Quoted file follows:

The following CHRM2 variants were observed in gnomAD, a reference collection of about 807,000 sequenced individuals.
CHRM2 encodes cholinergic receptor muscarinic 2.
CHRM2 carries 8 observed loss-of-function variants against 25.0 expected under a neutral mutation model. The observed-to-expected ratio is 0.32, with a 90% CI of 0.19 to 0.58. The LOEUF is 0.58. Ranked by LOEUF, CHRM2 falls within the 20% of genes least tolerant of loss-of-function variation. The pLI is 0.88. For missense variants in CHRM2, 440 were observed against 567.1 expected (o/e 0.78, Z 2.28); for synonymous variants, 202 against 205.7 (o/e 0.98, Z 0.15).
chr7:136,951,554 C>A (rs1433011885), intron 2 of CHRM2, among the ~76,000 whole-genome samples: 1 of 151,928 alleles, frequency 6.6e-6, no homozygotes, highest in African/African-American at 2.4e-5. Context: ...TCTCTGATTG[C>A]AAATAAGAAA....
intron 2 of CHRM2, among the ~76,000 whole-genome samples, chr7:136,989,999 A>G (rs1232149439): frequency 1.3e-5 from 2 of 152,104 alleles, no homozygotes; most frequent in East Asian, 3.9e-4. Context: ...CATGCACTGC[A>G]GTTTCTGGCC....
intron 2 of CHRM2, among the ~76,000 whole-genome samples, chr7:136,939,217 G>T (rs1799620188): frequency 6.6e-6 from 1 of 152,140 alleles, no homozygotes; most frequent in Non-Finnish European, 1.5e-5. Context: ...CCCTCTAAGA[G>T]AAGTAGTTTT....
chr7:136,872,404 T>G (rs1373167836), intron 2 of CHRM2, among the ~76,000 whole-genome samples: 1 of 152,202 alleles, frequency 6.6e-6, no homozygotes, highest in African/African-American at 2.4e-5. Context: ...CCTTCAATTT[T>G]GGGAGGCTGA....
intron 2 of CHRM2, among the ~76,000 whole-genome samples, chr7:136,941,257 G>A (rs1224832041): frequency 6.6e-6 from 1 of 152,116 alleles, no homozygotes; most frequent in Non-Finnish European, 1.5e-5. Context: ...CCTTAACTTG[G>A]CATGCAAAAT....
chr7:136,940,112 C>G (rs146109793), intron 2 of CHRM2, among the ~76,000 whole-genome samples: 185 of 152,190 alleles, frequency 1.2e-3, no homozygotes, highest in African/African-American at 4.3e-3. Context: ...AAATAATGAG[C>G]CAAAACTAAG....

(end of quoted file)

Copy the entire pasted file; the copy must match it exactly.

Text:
The following CHRM2 variants were observed in gnomAD, a reference collection of about 807,000 sequenced individuals.
CHRM2 encodes cholinergic receptor muscarinic 2.
CHRM2 carries 8 observed loss-of-function variants against 25.0 expected under a neutral mutation model. The observed-to-expected ratio is 0.32, with a 90% CI of 0.19 to 0.58. The LOEUF is 0.58. Ranked by LOEUF, CHRM2 falls within the 20% of genes least tolerant of loss-of-function variation. The pLI is 0.88. For missense variants in CHRM2, 440 were observed against 567.1 expected (o/e 0.78, Z 2.28); for synonymous variants, 202 against 205.7 (o/e 0.98, Z 0.15).
chr7:136,951,554 C>A (rs1433011885), intron 2 of CHRM2, among the ~76,000 whole-genome samples: 1 of 151,928 alleles, frequency 6.6e-6, no homozygotes, highest in African/African-American at 2.4e-5. Context: ...TCTCTGATTG[C>A]AAATAAGAAA....
intron 2 of CHRM2, among the ~76,000 whole-genome samples, chr7:136,989,999 A>G (rs1232149439): frequency 1.3e-5 from 2 of 152,104 alleles, no homozygotes; most frequent in East Asian, 3.9e-4. Context: ...CATGCACTGC[A>G]GTTTCTGGCC....
intron 2 of CHRM2, among the ~76,000 whole-genome samples, chr7:136,939,217 G>T (rs1799620188): frequency 6.6e-6 from 1 of 152,140 alleles, no homozygotes; most frequent in Non-Finnish European, 1.5e-5. Context: ...CCCTCTAAGA[G>T]AAGTAGTTTT....
chr7:136,872,404 T>G (rs1373167836), intron 2 of CHRM2, among the ~76,000 whole-genome samples: 1 of 152,202 alleles, frequency 6.6e-6, no homozygotes, highest in African/African-American at 2.4e-5. Context: ...CCTTCAATTT[T>G]GGGAGGCTGA....
intron 2 of CHRM2, among the ~76,000 whole-genome samples, chr7:136,941,257 G>A (rs1224832041): frequency 6.6e-6 from 1 of 152,116 alleles, no homozygotes; most frequent in Non-Finnish European, 1.5e-5. Context: ...CCTTAACTTG[G>A]CATGCAAAAT....
chr7:136,940,112 C>G (rs146109793), intron 2 of CHRM2, among the ~76,000 whole-genome samples: 185 of 152,190 alleles, frequency 1.2e-3, no homozygotes, highest in African/African-American at 4.3e-3. Context: ...AAATAATGAG[C>G]CAAAACTAAG....